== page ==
Study Demonstrates How Cell Phone Use Can Lead to Lower Grades.
There’s bee a lot of discussion devoted to using cell phones: while driving, their annoyance in a theatre, and the rudeness of loudly talking on a cell phone in a crowd of people. There’s even been research on “communifaking,” where someone pretends to be talking to someone on his or her cell phone so they appear important or can avoid talking to someone.
Cell Phone Use Can Cause 25% Drop in Grades
There is also research that students who use a cell phone while they are in class could see their grades drop by as much as 25 percent.
The study, published in the Journal of Environmental Psychology, suggested that using a cell phone in class is as distracting as using it while driving.
To prove their point, the researcher (who sometimes posed as a student in an undergraduate college class) conducted several experiments. In some of the experiments they tested the effect different ring tones would have on students’ class work when compared to a situation where there was no cell phone ringing. In these cases, the students performed poorly when cell phones rang (it didn’t matter what tone or song was played on the phone).
In another experiment, the students were first warned that cell phone disruptions might happen. In these cases they didn’t do as badly in their class work as when they were not informed of an upcoming cell phone disruption. The experiments continued – measuring student response during lectures and in a surprise test. In each case, cell phones ringing produced a clear effect in terms of student performance and how well they remembered the information they were given in the class.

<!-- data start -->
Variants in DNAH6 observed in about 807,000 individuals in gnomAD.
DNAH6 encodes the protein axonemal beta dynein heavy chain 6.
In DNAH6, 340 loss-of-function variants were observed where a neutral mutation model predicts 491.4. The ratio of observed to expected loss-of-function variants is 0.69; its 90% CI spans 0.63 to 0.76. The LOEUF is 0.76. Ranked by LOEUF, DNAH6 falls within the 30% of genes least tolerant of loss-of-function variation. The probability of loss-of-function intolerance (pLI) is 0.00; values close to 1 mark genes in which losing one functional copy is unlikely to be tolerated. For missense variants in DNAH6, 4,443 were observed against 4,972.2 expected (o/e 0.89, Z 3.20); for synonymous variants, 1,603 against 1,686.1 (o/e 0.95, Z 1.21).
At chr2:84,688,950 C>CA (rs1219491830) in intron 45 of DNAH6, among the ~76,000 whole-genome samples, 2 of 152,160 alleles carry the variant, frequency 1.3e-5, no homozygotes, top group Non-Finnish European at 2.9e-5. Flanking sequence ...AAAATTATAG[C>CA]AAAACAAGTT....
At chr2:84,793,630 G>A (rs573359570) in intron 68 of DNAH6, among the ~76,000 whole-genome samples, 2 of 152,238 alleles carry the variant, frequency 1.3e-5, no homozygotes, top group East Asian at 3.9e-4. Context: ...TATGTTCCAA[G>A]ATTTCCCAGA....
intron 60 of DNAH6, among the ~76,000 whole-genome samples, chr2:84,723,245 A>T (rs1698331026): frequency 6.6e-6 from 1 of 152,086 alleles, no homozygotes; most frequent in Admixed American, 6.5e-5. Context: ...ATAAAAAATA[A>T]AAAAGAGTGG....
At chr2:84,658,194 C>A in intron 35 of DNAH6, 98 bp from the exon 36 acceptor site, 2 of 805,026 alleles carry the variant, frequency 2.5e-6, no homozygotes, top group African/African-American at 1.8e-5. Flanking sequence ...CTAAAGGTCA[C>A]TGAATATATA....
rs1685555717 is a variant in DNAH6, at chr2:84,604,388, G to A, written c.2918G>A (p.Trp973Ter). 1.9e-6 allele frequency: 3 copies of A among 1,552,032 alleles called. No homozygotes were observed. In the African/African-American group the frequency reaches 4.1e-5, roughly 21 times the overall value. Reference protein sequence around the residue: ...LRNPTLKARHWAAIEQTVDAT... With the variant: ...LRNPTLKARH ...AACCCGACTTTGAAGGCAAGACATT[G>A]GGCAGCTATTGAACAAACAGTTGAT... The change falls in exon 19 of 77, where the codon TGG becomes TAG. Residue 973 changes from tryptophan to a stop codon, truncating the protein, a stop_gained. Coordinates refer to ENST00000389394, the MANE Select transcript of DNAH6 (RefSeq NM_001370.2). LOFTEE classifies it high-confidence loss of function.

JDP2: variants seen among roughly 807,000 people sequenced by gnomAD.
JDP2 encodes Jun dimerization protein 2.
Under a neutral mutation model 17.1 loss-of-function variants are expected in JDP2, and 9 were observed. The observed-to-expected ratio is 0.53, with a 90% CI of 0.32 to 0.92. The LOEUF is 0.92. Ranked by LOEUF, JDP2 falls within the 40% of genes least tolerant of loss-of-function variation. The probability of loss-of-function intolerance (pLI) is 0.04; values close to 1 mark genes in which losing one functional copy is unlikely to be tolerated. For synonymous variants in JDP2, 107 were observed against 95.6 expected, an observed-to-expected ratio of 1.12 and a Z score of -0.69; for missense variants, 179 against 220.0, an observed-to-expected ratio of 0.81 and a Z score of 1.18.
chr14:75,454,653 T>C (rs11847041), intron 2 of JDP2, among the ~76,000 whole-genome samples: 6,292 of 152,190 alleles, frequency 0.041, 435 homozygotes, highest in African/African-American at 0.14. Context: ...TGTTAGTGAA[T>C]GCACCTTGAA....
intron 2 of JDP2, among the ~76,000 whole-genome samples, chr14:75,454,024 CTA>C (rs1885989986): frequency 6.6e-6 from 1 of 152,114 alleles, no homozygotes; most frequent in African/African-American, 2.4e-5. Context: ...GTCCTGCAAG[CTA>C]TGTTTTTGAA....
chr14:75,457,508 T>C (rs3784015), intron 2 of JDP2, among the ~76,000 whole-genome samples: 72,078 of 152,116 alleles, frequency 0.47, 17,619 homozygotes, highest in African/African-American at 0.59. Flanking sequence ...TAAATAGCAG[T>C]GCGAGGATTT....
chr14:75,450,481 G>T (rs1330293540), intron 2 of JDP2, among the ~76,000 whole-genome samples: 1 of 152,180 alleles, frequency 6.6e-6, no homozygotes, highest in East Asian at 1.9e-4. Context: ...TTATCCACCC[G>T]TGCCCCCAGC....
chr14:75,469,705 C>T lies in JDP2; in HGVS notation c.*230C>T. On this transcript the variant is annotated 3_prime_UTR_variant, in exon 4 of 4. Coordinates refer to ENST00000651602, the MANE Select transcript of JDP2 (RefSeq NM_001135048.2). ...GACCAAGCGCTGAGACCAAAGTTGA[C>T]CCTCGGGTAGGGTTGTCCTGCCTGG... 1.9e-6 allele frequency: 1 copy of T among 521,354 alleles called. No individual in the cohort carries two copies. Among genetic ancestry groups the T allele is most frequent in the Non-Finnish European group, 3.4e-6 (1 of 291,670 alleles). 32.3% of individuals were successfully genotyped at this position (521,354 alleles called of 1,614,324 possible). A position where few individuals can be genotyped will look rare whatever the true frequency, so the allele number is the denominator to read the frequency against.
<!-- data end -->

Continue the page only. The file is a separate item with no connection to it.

Cell Phones Cause Students to Forget Information They Were Taught
In any setting where people are trying to acquire knowledge and trying to retain that information in some way, a distraction that may just seem like a common annoyance to people may have a really disruptive effect on their later retention of that information, say the researchers. In fact, they found that when the students were subjected to the ringing of a cell phone, they scored up to 25 percent worse on a test on subject matter that was given to them before the cell phone started ringing. Even the process of trying to turn off the cell phone (remember, the researcher often posed as a student in the class) distracted the students and had an effect on their test scores.
Many schools and colleges have rules and policies against using cell phones in class. But, as anyone knows who has visited a high school or college classroom, those rules are often ignored and/or students find creative ways to keep using them despite the rules and admonitions from teachers. Perhaps knowing they’ll do worse in class may have the desired effect when teachers ask them to “silence your cell phones.”